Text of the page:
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Art exhibition explores the universal

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Among the Flowers Art Collective members showcasing their work in Howick are, from left, Agnès Desombiaux Sigley, Marion Gordon-Flower, Justin Sobion, Jasmine Hope, and Penny Otto. Times photo Wayne Martin

An art exhibition in east Auckland will feature works exploring subjects as diverse as familial bonds, the rewriting of stories told through photographs, the uprising of artists challenged by Covid-19 and the horror of the Ukraine War.

The exhibition is entitled Perspectives: Te Tai Ao Notions of the Universal and opens at Uxbridge Arts and Culture in Howick on February 9.

Uxbridge visual arts programme co-ordinator Ashleigh King says: “The exhibition features the work of the Flowers Art Collective, 11 artists of diverse ethnicity and viewpoints, brought together by a common interest in the challenge of bringing the illusive into tangibility.

“Each has a unique perspective of what the universal might mean and at the same time commonalities are there to be discovered and interpreted by the viewing audience.

“The show is full of media variety in contemporary painting, photography and in illuminations which use internal lighting.”

Among the members of the Flowers Art Collective taking part in the showcase are Agnès Desombiaux Sigley, Marion Gordon-Flower, Justin Sobion, Jasmine Hope and Penny Otto.

Hope’s work uses acrylic and mixed media and she says it’s her first work on a circular canvas.

“I connected to the concept of the universal and the vision I had for my work was to represent the cyclic nature of the Earth.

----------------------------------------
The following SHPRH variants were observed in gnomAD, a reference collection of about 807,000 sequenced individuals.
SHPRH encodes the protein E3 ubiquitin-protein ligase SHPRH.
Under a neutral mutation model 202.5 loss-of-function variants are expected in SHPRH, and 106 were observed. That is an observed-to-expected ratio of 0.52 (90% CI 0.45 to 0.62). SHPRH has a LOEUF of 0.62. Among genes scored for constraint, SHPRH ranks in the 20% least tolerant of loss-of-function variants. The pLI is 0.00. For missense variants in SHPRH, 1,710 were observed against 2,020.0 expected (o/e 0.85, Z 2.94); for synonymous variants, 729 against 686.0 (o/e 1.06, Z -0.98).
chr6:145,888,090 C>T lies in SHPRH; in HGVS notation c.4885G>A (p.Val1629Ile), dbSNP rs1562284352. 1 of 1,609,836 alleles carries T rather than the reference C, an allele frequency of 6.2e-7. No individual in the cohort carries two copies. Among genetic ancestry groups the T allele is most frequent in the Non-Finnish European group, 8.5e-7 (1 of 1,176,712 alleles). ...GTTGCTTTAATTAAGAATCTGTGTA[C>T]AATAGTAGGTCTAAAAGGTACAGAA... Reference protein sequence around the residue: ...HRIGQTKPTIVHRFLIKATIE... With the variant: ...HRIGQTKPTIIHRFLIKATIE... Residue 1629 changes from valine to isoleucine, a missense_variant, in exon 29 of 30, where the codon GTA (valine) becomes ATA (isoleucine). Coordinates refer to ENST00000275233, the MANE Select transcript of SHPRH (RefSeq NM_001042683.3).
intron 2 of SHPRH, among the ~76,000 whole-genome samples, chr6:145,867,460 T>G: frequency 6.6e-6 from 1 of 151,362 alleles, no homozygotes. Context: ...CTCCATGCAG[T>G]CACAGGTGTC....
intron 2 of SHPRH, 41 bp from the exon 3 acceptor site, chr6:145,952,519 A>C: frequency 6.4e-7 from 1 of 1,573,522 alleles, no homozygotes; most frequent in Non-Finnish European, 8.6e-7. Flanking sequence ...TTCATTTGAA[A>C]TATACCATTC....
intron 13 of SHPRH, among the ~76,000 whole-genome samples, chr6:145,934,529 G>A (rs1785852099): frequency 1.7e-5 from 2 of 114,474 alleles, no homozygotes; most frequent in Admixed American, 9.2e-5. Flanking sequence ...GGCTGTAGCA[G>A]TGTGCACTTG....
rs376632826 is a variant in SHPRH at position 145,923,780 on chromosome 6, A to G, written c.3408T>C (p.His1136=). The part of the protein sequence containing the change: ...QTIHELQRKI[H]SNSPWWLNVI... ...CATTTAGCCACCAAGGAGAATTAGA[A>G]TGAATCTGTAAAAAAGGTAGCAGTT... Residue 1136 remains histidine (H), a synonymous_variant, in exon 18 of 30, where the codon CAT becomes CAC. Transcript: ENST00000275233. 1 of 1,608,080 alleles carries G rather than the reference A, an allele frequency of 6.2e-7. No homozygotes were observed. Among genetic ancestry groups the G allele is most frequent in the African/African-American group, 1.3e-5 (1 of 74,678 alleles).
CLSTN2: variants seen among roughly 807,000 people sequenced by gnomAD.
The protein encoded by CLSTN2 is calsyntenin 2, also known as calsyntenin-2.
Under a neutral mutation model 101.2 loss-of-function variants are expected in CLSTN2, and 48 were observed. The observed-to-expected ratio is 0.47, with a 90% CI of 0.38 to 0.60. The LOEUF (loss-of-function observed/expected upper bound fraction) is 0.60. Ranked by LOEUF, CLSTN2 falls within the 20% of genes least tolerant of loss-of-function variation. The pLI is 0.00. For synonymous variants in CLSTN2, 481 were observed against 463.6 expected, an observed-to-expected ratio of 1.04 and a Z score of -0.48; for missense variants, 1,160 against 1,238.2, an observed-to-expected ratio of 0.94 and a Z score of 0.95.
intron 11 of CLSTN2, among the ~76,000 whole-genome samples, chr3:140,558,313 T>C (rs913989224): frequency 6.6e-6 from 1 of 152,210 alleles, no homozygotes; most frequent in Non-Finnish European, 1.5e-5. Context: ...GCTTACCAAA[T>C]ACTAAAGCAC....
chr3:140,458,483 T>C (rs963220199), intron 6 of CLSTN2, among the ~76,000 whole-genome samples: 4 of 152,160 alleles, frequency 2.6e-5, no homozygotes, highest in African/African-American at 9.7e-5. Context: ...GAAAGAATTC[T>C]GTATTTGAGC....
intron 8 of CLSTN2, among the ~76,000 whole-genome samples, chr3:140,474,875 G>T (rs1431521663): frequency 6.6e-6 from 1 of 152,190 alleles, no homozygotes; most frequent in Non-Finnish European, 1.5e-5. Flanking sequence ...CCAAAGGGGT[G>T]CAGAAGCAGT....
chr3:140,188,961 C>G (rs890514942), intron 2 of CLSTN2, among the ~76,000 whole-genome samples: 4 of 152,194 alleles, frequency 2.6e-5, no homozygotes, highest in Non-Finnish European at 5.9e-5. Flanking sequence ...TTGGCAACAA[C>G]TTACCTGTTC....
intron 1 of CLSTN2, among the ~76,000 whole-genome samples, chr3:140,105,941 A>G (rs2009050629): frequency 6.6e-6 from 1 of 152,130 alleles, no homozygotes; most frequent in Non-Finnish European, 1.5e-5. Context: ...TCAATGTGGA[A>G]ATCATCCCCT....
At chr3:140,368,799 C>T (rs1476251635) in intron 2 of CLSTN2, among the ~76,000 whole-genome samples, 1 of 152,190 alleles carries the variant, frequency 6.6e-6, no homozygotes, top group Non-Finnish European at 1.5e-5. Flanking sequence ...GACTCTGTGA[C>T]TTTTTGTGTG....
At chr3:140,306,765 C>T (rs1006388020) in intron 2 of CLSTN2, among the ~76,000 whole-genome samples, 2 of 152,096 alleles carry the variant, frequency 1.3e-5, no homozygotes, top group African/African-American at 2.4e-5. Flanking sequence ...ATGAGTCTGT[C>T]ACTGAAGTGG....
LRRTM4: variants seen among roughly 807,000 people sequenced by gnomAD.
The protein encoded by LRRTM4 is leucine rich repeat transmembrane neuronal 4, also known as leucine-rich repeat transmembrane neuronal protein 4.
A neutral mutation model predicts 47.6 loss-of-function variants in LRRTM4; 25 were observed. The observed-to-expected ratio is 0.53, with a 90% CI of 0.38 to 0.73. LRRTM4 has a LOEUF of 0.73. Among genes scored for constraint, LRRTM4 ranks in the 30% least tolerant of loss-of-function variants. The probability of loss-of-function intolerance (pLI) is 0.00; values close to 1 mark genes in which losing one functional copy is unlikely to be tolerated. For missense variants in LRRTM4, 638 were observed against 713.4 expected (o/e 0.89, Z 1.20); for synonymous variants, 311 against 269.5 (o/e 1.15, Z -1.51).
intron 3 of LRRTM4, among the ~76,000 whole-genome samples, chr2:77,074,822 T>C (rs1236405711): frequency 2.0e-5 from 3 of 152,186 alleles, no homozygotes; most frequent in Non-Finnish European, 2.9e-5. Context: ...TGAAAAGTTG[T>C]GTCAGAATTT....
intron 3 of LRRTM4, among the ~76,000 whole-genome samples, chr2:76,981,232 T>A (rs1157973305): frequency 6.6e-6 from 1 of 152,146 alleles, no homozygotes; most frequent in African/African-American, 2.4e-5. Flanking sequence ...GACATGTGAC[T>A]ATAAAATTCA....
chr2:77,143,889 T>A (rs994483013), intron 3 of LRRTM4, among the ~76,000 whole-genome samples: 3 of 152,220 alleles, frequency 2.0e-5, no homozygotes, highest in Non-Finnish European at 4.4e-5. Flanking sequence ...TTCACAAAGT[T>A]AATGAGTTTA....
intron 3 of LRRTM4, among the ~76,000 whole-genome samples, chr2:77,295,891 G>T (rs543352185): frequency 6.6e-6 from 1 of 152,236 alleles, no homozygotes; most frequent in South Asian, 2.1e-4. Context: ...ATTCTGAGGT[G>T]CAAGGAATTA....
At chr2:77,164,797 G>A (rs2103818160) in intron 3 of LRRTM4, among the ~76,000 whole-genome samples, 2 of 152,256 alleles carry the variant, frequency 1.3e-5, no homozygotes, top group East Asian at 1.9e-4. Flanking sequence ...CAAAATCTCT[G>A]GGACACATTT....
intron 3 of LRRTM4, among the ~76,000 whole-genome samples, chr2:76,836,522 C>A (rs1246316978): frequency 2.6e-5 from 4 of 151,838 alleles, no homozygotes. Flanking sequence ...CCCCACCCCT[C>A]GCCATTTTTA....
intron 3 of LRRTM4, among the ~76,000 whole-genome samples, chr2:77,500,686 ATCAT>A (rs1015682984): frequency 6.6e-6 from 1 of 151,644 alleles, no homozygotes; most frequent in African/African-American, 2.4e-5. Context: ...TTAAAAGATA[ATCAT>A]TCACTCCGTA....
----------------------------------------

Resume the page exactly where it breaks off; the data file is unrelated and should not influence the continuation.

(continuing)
“I used vibrant greens and Earth tones in the work to represent the purity of nature and of mother Earth.”

Hope says her aim is for people who view her work to feel connected to “divine energy”.

“I want people to reconnect to nature and the gifts that it gives us, the nurturing quality that Papatuanuku [Earth Mother] has.”

Otto’s contribution is 12 works on paper which she says are explorations of primary colours with some experimental line drawing thrown in.

“They were done blind, meaning I was looking at the subject – the flowers – and not at the work.

“Because of that there are obvious breaks in the work as the ink has run out on my knitting needle or my pen and I haven’t seen it happen.”

Desombiaux Sigley is entering five photographic works printed on fine-art textured paper.

Her approach uses intentional movement in the creation of the image.

“The theory is reverie or amusing and my sense of belonging, to finding your sense of place in New Zealand, but also these pieces connect me to where I come from, [being] France.

“The movement is a physical movement but it’s also emotionally moving.

“Being moved by the land, the landscape, and connecting to my own emotion and needs.”

Gordon-Flower’s works are hexagonal and grew through the Covid-19 pandemic when artists suffered limitations as to the types of materials they could access and work with.

“The four pieces are [representing] Earth, water, air and fire.

“It relates to long ago, to the Egyptians and their sciences, going back to astrology and how they had these personality types worked out.”

One of Sobion’s two paintings in the show depicts well-known Barbadian singer Rihanna.

He describes it as “kind of seductive” and says she’s from the Caribbean, as he is.

“I looked at the theme of the exhibition, of perspective and universality.

“She’s known for her tattoos and one of them is of Egyptian hieroglyphics, so even though she’s from the Caribbean you can be interested in those things.

“When you talk about universality you think about planets and we are part of the universe and the Earth and we have different communities.”

The exhibition is in the Malcolm Smith Gallery at Uxbridge Arts and Culture, 35 Uxbridge Road, Howick.

Its opening night is from 6.30pm-9.00pm on Thursday, February 9 and it’s on until March 11.

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